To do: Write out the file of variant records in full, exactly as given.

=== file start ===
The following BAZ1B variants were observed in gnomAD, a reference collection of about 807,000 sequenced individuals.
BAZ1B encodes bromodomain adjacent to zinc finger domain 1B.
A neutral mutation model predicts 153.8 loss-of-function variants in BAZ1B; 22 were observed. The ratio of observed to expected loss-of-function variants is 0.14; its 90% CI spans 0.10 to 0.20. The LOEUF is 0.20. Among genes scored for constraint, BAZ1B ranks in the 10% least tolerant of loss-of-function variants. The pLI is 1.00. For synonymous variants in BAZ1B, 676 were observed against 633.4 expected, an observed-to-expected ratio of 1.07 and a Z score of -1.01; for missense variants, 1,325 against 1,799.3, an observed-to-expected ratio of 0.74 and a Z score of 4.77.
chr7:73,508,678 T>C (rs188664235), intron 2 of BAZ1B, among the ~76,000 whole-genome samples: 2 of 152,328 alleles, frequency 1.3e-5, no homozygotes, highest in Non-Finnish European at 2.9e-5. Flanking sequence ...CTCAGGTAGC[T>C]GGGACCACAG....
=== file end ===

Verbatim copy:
The following BAZ1B variants were observed in gnomAD, a reference collection of about 807,000 sequenced individuals.
BAZ1B encodes bromodomain adjacent to zinc finger domain 1B.
A neutral mutation model predicts 153.8 loss-of-function variants in BAZ1B; 22 were observed. The ratio of observed to expected loss-of-function variants is 0.14; its 90% CI spans 0.10 to 0.20. The LOEUF is 0.20. Among genes scored for constraint, BAZ1B ranks in the 10% least tolerant of loss-of-function variants. The pLI is 1.00. For synonymous variants in BAZ1B, 676 were observed against 633.4 expected, an observed-to-expected ratio of 1.07 and a Z score of -1.01; for missense variants, 1,325 against 1,799.3, an observed-to-expected ratio of 0.74 and a Z score of 4.77.
chr7:73,508,678 T>C (rs188664235), intron 2 of BAZ1B, among the ~76,000 whole-genome samples: 2 of 152,328 alleles, frequency 1.3e-5, no homozygotes, highest in Non-Finnish European at 2.9e-5. Flanking sequence ...CTCAGGTAGC[T>C]GGGACCACAG....